1. -O : Overwrite the output file if it already exists.

2. -o : specify the filename for output to be written to

It is recommended to always check the beginning of the output file to make sure that all 87 parameters, in particular the GPUs have been specified correctly.

{input}

Use corresponding input file from one of the datasets in the next sub-section (generally mdin.GPU)

Example 1. Run JAC production NVE (DHFR (NVE) 2fs from the benchmarks page) on a single GPU:

cd $BENCHMARKS/PME/JAC_production_NVE
$AMBERHOME/bin/pmemd.cuda -i mdin.GPU -O -o mdout

Example 2. Run Cellulose production NPT on 2 GPUs (all on the same node):

cd $BENCHMARKS/PME/Cellulose_production_NPT
mpirun -np 2 $AMBERHOME/bin/pmemd.cuda.MPI -i mdin.GPU -O -o mdout

Example 3. Run Cellulose production NPT on 32 CPU cores (all on the same node):

cd $BENCHMARKS/PME/Cellulose_production_NPT
mpirun -np 32 $AMBERHOME/bin/pmemd.MPI -i mdin.CPU -O -o mdout

Benchmarks

This section demonstrates GPU acceleration for selected datasets. The benchmarks are listed in increasing number of atoms order. When reading the output the figure of merit is "ns/day" (the higher the better), located at the end of the output in the "mdout" file. It is best to take the measurement over all time steps (instead of the last 1000 steps).

Typical Production MD NPT with GOOD energy conservation, 2fs.
# of Atoms
23,558

Typical Production MD NPT with GOOD energy conservation, 2fs.

&cntrl
ntx=5, irest=1,
ntc=2, ntf=2, tol=0.000001,
nstlim=250000,
ntpr=2500, ntwx=2500,
ntwr=250000,
dt=0.002, cut=8.,
ntt=0, ntb=1, ntp=0,
ioutfm=1,
/
&ewald
dsum_tol=0.000001,
/

DHFR (JAC PRODUCTION) NPT 2FS

JAC (Joint Amber CHARMM) Production NPT is DHFR in a TIP3P water box. It is one of the smaller benchmarks with 23,588 atoms including water. The benchmark is run with an explicit solvent model (PME).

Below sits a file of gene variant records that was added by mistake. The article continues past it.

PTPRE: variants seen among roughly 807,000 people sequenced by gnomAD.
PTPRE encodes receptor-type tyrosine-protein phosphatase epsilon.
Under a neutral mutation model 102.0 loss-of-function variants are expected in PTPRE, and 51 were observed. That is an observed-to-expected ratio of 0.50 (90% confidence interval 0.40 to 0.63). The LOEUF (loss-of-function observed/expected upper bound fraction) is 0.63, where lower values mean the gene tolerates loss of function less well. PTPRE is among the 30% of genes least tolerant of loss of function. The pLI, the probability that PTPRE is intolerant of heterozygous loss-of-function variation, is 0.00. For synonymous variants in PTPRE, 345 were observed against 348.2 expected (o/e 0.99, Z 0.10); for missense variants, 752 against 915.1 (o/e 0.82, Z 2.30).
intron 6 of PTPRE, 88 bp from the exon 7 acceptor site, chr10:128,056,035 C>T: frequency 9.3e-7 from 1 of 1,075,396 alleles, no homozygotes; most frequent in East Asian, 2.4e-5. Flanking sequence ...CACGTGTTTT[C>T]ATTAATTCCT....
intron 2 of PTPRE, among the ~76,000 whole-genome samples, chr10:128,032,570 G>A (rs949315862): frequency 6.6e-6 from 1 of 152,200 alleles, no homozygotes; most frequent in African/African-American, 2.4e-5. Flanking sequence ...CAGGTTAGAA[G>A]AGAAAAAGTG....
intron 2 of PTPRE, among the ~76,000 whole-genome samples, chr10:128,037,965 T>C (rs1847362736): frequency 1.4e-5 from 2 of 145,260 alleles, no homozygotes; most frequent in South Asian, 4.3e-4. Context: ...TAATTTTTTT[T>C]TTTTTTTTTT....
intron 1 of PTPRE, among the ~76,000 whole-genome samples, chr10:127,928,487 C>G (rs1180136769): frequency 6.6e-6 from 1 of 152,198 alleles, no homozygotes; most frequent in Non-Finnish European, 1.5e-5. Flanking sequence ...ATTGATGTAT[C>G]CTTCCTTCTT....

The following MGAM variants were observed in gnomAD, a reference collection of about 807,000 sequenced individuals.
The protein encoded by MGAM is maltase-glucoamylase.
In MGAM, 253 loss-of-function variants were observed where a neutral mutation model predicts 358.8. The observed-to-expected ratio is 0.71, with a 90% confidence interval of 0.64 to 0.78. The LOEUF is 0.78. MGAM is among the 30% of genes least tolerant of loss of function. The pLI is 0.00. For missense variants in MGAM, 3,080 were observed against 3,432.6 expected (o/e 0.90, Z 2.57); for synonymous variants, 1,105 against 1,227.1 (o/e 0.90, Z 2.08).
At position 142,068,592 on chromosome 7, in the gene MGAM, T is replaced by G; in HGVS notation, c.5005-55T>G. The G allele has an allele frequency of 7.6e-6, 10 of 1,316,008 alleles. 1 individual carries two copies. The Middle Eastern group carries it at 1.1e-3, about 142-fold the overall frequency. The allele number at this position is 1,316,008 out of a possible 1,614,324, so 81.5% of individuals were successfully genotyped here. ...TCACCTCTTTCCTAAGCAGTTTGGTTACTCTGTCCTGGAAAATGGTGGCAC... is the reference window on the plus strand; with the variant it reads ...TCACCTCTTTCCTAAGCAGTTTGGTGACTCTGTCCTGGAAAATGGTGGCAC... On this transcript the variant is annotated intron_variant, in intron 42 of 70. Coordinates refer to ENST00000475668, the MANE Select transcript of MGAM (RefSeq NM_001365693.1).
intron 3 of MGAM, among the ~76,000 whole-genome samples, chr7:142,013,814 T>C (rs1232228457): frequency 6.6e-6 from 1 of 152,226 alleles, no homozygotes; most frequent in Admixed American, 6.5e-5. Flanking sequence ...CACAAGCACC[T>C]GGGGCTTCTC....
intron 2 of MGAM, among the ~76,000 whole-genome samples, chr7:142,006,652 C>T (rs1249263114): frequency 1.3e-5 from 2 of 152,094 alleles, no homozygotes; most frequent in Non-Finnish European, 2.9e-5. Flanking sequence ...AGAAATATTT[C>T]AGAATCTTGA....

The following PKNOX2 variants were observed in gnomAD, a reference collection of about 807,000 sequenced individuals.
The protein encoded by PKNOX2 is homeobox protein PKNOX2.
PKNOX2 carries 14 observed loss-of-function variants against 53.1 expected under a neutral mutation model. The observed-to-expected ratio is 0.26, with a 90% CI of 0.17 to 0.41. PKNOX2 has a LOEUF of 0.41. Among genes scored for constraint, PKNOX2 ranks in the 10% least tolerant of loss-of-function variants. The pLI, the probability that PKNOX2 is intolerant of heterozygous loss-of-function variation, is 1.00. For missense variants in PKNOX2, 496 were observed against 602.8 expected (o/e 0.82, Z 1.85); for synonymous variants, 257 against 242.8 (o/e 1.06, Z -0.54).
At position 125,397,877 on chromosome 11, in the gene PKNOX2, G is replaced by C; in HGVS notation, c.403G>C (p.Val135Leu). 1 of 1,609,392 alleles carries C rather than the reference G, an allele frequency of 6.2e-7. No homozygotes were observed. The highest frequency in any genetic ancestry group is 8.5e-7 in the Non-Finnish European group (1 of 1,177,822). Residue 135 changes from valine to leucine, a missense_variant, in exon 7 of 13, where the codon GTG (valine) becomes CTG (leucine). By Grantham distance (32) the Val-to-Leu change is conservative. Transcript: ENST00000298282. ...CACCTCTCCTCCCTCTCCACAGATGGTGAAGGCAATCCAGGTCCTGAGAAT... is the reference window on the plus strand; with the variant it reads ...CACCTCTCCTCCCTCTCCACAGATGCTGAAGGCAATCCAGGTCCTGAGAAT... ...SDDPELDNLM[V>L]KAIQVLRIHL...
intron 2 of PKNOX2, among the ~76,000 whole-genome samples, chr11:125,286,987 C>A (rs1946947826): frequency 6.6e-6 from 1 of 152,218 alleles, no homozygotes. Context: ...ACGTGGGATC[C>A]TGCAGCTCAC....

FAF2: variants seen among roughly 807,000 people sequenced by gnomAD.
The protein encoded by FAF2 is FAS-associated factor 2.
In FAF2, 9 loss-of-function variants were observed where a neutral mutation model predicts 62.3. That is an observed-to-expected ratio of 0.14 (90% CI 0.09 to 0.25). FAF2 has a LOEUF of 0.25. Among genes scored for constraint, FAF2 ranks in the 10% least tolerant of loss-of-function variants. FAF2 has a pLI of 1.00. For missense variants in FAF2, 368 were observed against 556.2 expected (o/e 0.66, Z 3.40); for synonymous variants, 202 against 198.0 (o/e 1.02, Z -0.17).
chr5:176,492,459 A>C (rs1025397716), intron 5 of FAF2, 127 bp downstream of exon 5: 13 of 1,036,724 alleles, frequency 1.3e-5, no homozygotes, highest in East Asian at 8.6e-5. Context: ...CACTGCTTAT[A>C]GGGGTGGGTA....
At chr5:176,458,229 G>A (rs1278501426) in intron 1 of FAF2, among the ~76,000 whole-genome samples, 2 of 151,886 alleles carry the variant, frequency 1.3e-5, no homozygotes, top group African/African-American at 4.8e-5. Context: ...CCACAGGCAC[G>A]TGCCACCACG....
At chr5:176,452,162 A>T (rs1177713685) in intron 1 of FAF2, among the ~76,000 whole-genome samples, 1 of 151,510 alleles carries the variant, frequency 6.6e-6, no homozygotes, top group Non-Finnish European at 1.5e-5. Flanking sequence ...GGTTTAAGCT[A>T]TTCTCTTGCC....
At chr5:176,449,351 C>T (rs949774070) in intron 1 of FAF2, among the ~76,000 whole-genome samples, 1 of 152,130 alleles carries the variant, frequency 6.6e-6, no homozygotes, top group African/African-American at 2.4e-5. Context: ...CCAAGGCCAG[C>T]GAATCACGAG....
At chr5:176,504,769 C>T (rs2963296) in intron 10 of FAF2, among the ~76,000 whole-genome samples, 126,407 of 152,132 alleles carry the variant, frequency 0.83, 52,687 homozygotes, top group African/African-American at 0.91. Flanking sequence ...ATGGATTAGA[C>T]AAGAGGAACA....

Typical Production MD NPT with GOOD energy conservation.
# of Atoms
90,906

Typical Production MD NPT with GOOD energy conservation.

&cntrl
ntx=5, irest=1,
ntc=2, ntf=2, tol=0.000001,
nstlim=70000,
ntpr=1000, ntwx=1000,
ntwr=10000,
dt=0.002, cut=8.,
ntt=0, ntb=1, ntp=0,
ioutfm=1,
/
&ewald
dsum_tol=0.000001
/

FACTOR IX NPT

FactorIX is a benchmark that simulates the blood coagulation factor IX. It consists of 90,906 atoms including water. Water is modelled as an explicit TIP3P solvent. This benchmark is run with an explicit solvent model (PME).

Typical Production MD NVT
# of Atoms
408,609

Typical Production MD NVT
 

& cntrl
ntx=5, irest=1,
ntc=2, ntf=2,
nstlim=14000,
ntpr=1000, ntwx=1000,
ntwr=8000,
dt=0.002, cut=8.,
ntt=1, tautp=10.0,
temp0=300.0,
ntb=2, ntp=1, barostat=2,
ioutfm=1,
/

CELLULOSE NPT

This benchmark simulates a cellulose fiber. It is one of the larger models to be simulated in the benchmark with 408,609 atoms including water. Water is modelled as an explicit TIP3P solver. The benchmark is run with an explicit solvent model (PME).

Expected Performance Results

This section provides expected performance benchmarks for different across single and multi-node systems.

Amber (JAC_NVE) Performance on Single-Node Server
Amber (factorIX_NVE) Performance on Single-Node Server
Amber (Cellulose_NPT) Performance on Single-Node Server

Recommended System Configurations

Hardware Configuration

PC

Parameter
Specs

CPU Architecture

x86

System Memory

16-32GB

CPUs

1-2

GPU Model

NVIDIA TITAN X

GPUs

1-2

Servers

Parameter
Specs

CPU Architecture

x86

System Memory

64-128GB

CPUs

1-2

GPU Model (for workstations)

Tesla® P100

GPU Model (for servers)

Tesla® P100

GPUs

1-2 P100 PCIe
1-4 P100 SMX2

Software Configuration

Software stack

Parameter
Version

Application

AMBER 16

OS

Centos 7.2

GPU Driver

375.20 or newer

CUDA Toolkit

8.0 or newer

See a list of supported GPUs on Amber.

Build Your Ideal GPU Solution Today.